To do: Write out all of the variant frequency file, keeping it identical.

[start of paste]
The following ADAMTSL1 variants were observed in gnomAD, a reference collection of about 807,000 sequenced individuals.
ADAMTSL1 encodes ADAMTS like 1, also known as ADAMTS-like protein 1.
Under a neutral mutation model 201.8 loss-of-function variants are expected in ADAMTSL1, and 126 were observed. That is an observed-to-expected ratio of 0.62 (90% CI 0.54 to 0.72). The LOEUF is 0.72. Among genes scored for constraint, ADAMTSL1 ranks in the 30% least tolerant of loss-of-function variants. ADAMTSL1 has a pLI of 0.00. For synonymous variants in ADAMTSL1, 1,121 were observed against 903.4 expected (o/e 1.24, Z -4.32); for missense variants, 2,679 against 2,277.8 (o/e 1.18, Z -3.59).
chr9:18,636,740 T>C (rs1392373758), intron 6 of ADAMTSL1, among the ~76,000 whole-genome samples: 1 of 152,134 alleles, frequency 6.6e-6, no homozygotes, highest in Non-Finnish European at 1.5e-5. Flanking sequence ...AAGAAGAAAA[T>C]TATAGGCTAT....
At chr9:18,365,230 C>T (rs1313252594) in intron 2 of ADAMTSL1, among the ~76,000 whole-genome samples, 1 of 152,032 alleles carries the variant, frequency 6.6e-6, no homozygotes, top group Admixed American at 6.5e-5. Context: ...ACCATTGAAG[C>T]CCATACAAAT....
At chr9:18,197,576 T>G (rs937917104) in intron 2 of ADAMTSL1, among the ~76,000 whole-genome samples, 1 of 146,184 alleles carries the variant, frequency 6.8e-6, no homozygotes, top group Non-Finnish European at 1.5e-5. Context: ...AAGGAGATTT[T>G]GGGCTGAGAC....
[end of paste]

The following ADAMTSL1 variants were observed in gnomAD, a reference collection of about 807,000 sequenced individuals.
ADAMTSL1 encodes ADAMTS like 1, also known as ADAMTS-like protein 1.
Under a neutral mutation model 201.8 loss-of-function variants are expected in ADAMTSL1, and 126 were observed. That is an observed-to-expected ratio of 0.62 (90% CI 0.54 to 0.72). The LOEUF is 0.72. Among genes scored for constraint, ADAMTSL1 ranks in the 30% least tolerant of loss-of-function variants. ADAMTSL1 has a pLI of 0.00. For synonymous variants in ADAMTSL1, 1,121 were observed against 903.4 expected (o/e 1.24, Z -4.32); for missense variants, 2,679 against 2,277.8 (o/e 1.18, Z -3.59).
chr9:18,636,740 T>C (rs1392373758), intron 6 of ADAMTSL1, among the ~76,000 whole-genome samples: 1 of 152,134 alleles, frequency 6.6e-6, no homozygotes, highest in Non-Finnish European at 1.5e-5. Flanking sequence ...AAGAAGAAAA[T>C]TATAGGCTAT....
At chr9:18,365,230 C>T (rs1313252594) in intron 2 of ADAMTSL1, among the ~76,000 whole-genome samples, 1 of 152,032 alleles carries the variant, frequency 6.6e-6, no homozygotes, top group Admixed American at 6.5e-5. Context: ...ACCATTGAAG[C>T]CCATACAAAT....
At chr9:18,197,576 T>G (rs937917104) in intron 2 of ADAMTSL1, among the ~76,000 whole-genome samples, 1 of 146,184 alleles carries the variant, frequency 6.8e-6, no homozygotes, top group Non-Finnish European at 1.5e-5. Context: ...AAGGAGATTT[T>G]GGGCTGAGAC....